By the mid-2000s, Anna Barker, then deputy director of the NCI, noticed that many physicists, engineers and mathematicians were beginning to think about cancer, and she decided to harness their skills. “We had reached an inflection point where we knew enough about the biology to bring in other fields,” Barker says. In 2009, the NCI issued grants to 12 interdisciplinary centres around the United States, where investigators from both the physical sciences and oncology collaborate to address questions in one of five areas: metastasis, microenvironment, information processing, energy use, and the evolution of cancer cells.
The United States is not alone in fostering such collaborations. Cross-disciplinary oncology research in Europe receives funding from the European Union, at a national level, and at the institutional level, reports Reinhart-King, who co-authored a study on cancer research in Europe1. In some ways, European multidisciplinary research in oncology has a longer history and deeper roots, with clinicians, basic researchers and engineers at many institutions working side by side in ways that would be unusual in the United States. But such endeavours were not explicitly funded until recently. Scientists from other fields bring an array of different kinds of knowledge and tools to cancer research. Some are specialists in microfluidics, nanoparticles, computer science or evolutionary biology, and many have started to reframe questions about cancer. “Most [molecular] biologists don't think in three dimensions,” Barker says.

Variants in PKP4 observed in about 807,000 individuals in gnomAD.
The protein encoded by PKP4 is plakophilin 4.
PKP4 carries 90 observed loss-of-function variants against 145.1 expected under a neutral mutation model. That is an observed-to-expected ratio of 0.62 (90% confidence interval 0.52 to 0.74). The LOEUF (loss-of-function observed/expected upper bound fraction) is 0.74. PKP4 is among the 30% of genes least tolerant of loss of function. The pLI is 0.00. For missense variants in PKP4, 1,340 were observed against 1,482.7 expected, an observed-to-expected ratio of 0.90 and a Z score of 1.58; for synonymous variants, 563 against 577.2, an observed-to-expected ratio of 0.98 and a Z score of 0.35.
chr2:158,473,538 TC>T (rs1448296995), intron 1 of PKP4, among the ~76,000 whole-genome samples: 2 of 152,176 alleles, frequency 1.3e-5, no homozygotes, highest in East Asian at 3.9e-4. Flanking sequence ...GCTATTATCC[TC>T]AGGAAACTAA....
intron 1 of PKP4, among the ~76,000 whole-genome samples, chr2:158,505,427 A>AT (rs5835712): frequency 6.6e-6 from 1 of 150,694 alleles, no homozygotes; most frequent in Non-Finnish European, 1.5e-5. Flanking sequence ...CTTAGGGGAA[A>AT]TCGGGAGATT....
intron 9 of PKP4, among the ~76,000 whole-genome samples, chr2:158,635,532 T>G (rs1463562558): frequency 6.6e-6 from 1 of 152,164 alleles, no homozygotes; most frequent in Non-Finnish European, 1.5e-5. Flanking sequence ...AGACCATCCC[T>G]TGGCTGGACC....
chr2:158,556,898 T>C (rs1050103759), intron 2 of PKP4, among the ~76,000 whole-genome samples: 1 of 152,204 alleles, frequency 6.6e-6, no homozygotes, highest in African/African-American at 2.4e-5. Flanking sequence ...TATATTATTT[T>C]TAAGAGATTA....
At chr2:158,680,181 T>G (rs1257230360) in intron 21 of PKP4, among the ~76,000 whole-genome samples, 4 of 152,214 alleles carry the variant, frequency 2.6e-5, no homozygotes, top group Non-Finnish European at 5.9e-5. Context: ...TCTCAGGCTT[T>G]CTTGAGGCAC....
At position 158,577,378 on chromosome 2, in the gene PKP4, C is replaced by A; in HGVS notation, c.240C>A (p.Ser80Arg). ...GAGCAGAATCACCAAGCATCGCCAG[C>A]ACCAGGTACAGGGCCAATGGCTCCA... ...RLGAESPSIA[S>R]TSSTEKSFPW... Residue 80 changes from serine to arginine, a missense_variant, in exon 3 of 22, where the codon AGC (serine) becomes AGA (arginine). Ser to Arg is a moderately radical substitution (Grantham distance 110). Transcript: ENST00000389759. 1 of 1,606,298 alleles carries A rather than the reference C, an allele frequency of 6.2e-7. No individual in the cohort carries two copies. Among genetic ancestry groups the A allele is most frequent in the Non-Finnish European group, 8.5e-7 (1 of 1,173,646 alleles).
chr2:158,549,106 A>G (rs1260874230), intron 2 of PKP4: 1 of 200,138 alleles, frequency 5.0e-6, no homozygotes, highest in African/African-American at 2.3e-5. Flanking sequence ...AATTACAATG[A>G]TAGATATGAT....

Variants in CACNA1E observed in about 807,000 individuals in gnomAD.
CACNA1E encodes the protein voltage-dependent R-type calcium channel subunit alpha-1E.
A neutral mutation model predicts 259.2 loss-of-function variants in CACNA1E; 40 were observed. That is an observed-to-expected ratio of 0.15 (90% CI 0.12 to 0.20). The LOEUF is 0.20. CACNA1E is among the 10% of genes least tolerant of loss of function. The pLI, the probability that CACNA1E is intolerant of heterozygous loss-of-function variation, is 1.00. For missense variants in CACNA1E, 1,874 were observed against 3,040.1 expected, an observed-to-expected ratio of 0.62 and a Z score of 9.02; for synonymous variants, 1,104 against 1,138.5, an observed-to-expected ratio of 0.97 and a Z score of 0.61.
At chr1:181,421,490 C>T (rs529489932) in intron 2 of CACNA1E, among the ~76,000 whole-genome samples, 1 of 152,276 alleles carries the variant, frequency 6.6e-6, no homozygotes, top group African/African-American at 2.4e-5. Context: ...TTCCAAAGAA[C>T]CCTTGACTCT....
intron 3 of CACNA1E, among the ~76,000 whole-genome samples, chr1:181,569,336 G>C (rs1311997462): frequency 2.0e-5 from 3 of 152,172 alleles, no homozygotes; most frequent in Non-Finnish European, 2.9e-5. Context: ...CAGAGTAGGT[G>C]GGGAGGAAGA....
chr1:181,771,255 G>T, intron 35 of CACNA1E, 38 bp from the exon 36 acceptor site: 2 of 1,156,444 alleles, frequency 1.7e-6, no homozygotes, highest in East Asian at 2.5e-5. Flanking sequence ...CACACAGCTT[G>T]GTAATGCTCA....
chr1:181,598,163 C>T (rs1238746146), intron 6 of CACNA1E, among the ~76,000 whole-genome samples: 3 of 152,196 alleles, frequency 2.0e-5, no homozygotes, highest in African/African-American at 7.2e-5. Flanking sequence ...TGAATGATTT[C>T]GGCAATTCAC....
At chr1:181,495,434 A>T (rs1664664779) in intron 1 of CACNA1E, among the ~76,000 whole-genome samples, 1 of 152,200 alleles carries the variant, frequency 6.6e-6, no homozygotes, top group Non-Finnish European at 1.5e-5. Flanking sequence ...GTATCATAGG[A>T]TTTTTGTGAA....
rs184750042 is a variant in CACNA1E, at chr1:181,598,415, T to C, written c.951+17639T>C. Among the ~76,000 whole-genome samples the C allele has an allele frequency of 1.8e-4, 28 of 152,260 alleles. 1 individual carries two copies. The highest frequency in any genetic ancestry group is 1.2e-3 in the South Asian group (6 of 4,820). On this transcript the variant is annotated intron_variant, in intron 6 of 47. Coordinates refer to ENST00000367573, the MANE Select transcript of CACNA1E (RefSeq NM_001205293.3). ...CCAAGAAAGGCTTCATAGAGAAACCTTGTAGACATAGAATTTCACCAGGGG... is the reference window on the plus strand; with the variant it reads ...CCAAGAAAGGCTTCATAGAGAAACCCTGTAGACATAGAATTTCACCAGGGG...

Biomedical engineer and cancer researcher Mauro Ferrari, president of the Methodist Hospital Research Institute in Houston, Texas, gives an example. Consider that two metastases from the same primary tumour are growing in the same organ yet respond differently to the same drug, he says. A biologist wonders how identical tumours could have different levels of drug resistance, or assumes that the two metastases are not identical. But the tumours are genetically identical — what differs is their three-dimensional position in the organ, he says.
“What's missed is the physics part of the story,” Ferrari explains. The nanoparticles that deliver the drug can penetrate the organ and reach one tumour but not the other; the difference could be due to fluid dynamics, shear forces on the blood-vessel walls, the velocity of the drug particles, and the permeability of local tissues, among other things. “If you design particles with the right physics, it changes entirely where they go,” Ferrari says (see 'Carrying drugs', p. S58)2. “I can make particles of a certain type and they will concentrate in the lung, or I can make other particles that will go to the spleen.”
“As a cancer community, we are barking up the wrong tree,” he adds. We don't need more drugs, just better ways of deploying the ones we have.